California community colleges may soon be able to offer four-year degrees thanks to a bill introduced by California State Sen. Marty Block of the 39th District, which includes the San Diego State area.
Bill SB 850 would allow community colleges to offer bachelor’s degrees for an eight-year period, increasing access to affordable education as the California State University system works on increasing enrollment.
The original draft of the bill never specified what types of degrees could be offered by community colleges, but political pressure prompted an amendment. According to Grossmont College Dean of Nursing Deborah Yaddow, the California Nursing Association did not support the original draft of Sen. Block’s bill since it would allow students to receive credentials in nursing from community and junior colleges.
According to Maria Lopez, Sen. Block’s communication director, amendments are common for bills within the California State Legislature.
“It is not unusual for a bill to be amended … this is the third time offering the bill,” Lopez said.
Now, the bill explicitly excludes degree programs that are already offered by four-year CSU and University of California schools, including four-year nursing degrees.
“Why duplicate programs that already exist?” Lopez said.
Yaddow said bachelor’s degrees in nursing should be offered by community colleges to help alleviate the high demand for nurses. Accredited nursing such as the one at SDSU are some of the most impacted degree programs in California and in the case of SDSU only admit between 50 and 80 students per semester. The problem is exasperated by the Affordable Care Act, which, according to Yaddow, will lead to an increasing demand for health care professionals.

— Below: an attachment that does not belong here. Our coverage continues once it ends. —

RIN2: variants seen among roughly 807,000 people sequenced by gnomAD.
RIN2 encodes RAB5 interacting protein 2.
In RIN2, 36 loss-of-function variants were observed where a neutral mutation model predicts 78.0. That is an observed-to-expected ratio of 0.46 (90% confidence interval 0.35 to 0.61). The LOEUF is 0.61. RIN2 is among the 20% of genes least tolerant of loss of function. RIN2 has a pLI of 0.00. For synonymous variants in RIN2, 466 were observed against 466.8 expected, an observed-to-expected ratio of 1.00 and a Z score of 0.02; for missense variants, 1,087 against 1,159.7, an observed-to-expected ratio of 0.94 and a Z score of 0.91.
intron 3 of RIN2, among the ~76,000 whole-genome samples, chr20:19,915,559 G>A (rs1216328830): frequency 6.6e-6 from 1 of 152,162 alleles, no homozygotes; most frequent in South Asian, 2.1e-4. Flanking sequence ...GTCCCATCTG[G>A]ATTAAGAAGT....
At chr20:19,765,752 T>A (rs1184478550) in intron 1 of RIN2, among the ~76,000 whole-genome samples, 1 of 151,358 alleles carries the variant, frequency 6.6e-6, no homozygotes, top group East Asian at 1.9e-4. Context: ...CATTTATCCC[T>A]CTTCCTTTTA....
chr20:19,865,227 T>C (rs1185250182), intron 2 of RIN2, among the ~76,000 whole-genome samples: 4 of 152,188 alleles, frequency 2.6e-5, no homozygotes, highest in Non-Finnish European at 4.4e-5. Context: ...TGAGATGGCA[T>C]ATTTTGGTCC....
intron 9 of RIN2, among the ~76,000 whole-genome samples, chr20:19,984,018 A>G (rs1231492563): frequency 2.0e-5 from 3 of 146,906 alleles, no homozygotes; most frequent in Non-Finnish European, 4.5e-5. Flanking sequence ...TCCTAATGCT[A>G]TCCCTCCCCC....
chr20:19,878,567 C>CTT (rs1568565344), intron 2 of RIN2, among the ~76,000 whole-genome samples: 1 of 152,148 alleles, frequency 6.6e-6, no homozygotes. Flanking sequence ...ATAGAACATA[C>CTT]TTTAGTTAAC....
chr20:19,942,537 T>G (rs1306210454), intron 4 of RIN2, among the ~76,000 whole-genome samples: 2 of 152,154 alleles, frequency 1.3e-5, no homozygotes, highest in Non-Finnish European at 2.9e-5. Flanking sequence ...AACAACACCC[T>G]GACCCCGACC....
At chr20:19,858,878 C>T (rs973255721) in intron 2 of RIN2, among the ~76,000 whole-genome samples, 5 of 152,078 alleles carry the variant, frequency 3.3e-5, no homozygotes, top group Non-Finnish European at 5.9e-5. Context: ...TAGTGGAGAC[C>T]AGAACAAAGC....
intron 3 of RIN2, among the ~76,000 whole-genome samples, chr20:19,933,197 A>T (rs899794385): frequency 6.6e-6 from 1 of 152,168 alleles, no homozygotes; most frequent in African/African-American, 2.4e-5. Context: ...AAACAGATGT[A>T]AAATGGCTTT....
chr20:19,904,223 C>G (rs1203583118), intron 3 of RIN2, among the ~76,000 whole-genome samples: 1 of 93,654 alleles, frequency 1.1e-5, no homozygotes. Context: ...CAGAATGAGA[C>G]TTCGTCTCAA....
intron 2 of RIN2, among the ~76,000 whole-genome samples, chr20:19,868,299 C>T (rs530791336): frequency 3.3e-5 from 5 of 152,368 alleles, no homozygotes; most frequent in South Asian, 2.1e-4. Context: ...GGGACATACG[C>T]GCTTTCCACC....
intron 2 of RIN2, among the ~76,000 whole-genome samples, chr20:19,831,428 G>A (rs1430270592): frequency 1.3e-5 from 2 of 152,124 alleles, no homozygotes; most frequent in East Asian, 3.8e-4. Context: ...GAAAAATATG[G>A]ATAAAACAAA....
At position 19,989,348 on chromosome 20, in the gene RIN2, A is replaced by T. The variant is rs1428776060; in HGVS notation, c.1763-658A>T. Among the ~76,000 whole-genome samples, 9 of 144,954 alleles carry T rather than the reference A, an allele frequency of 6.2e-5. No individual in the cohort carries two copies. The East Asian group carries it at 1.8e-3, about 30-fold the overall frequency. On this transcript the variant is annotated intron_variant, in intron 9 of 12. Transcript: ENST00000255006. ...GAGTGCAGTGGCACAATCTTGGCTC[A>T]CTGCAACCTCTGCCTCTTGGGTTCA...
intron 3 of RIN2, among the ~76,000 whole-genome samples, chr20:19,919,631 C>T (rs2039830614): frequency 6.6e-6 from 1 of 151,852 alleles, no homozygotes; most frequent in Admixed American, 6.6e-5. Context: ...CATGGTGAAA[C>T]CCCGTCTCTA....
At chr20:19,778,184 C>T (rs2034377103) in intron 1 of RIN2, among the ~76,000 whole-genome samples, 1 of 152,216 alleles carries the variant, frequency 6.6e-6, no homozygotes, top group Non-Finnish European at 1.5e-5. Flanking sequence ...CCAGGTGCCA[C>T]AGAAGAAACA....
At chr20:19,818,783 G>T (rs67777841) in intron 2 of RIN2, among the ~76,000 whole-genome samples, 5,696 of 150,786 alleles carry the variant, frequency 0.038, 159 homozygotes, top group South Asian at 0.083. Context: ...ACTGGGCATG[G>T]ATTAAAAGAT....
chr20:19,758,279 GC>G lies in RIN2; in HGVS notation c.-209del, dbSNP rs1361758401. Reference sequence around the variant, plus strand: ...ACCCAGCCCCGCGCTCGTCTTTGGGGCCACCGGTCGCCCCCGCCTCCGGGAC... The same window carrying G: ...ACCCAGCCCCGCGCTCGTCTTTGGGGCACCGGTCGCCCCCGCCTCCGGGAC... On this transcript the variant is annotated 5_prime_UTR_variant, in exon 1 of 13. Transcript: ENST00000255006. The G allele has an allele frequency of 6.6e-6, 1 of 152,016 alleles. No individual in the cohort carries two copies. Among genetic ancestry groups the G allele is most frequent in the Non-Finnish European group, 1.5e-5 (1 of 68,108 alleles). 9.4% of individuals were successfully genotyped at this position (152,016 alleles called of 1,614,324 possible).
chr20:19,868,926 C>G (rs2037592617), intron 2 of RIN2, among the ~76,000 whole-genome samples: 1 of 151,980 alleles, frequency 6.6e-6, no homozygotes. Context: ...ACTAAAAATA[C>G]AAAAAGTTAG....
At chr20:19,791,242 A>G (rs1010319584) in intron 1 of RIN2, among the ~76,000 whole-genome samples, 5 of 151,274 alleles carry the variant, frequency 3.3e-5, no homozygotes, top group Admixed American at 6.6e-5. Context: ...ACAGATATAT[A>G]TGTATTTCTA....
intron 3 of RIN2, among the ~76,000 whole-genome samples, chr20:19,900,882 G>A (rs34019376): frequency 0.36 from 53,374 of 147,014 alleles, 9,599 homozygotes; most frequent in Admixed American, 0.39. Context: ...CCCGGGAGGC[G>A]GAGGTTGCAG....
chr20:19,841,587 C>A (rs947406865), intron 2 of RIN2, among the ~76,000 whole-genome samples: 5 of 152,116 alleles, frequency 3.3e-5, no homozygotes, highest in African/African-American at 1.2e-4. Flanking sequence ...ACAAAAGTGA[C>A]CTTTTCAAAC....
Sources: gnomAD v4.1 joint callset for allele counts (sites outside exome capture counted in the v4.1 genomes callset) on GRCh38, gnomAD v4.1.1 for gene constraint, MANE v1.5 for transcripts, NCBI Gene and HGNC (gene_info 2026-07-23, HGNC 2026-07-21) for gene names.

In an interview with KPBS News last week, Yaddow said Grossmont was ready to roll out their four-year degree program if the law had been passed. She said 21 other states already allow community and junior colleges to offer four-year degrees in some fields of study.
SDSU Resident Advisor and nursing sophomore Alexander Gray said allowing community colleges to do this would not be a good idea.
“We would be setting them (community college students) up for failure,” Gray said.
Gray said there doesn’t seem to be an alternative solution to the highly-impacted SDSU nursing program or the growing demand for nurses in the San Diego area.
Nursing senior Lauren Lorber said community colleges should offer four-year bachelor’s degrees for nursing to help deal with the demand for nurses.
“I think as long as the community colleges are properly accredited and are reasonably priced then they would be a great idea,” Lorber said. “It would alleviate the demand to go to for profit schools such as Kaplan.”
Although nursing is not included in the current bill, the bill does address the issue of higher education vocation training. With the new version of the bill, current community colleges will be able to offer four-year degree programs in areas such as radiology, auto mechanics or other vocational specialties, according to Lopez.
The SDSU School of Nursing and CSU Chancellors office declined to comment.